The incident occurred in the car park of the Irbil Court of Law after the couple’s fourth divorce session – with police saying the man shot his wife six times.
Neither of their identities have been made public and further investigation into the incident remains ongoing.
Abdul Khaliq Talaat, head of the Irbil Police Department, said the suspect was arrested at the scene and charged with first-degree murder.
“An initial investigation with the husband after his arrest indicates that the root of the problem dates back to 2018 when the woman was arrested and sentenced to prison until April 2019 over a social conflict,” Mr Talaat told Kurdistan 24.
The police chief added: “Following her release, both sides filed for divorce. Today was supposed to be their fourth session [at the court]”.
Diana Nammi, executive director of Iranian and Kurdish Women’s Rights Organisation (IKWRO), a British charity which helps victims of honour-based violence, forced marriage, FGM and domestic abuse in the UK, condemned the killing.
“I was very upset and angry when I saw the news,” Ms Nammi told The Independent. “We deeply condemn honour killings such as this case. She was in prison for one and a half years for having an affair. When she was released from prison, she went to seek a divorce in court, as she was not allowed to do so in prison, and then she was shot.
“The girl's own father responded to the killing by saying she received justice. He is supporting the perpetrator.
"Honour killing is accepted within the Kurdistan community," she said, adding that she believes "the government there has a responsibility to take care of women instead of letting them be killed. Allowing a man to kill woman in daylight is wrong. I believe strongly that he deserves a life sentence."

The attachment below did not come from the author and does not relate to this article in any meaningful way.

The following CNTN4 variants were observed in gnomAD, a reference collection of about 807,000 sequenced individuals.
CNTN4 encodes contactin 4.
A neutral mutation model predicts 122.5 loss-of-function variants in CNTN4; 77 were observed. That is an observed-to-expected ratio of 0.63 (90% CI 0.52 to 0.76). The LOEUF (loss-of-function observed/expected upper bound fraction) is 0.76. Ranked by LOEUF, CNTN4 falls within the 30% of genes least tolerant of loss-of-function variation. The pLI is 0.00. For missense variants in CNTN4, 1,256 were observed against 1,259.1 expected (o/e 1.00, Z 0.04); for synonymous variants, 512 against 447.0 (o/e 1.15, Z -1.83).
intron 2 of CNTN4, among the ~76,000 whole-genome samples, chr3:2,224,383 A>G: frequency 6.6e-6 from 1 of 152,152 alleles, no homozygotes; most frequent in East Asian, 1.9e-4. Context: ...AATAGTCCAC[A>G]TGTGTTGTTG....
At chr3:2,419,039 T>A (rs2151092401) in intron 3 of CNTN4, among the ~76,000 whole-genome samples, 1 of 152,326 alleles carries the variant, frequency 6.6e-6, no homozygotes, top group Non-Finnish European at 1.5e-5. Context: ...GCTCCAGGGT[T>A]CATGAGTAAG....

Ms Nammi, whose national organisation runs the first specialist refuge for women from the Middle East and North Africa who have been subject to domestic abuse, added: “Perpetrators often walk free in cases of honour killings in Kurdistan. The government allows so many honour killings to happen. There is a great movement for women’s rights in Kurdistan but the police are corrupt and there is no support or safety for women. Women, especially vulnerable women, are left to deal with problems alone.”
Honour killings are defined as the killing of a relative, especially a girl or woman, who is perceived to have brought dishonour on the family.
“Both men and women get convicted for adultery and the penalty is five to seven years imprisonment,” states a 2018 report by the Danish Immigration Service on honour-related conflicts in the Kurdistan region of Iraq. “However, the convicted does not necessarily serve full time as the law permits shortening of the sentences on certain conditions.”
The report says women who have a premarital affair known to their families or who get married without the acceptance of their family are at risk of being killed.
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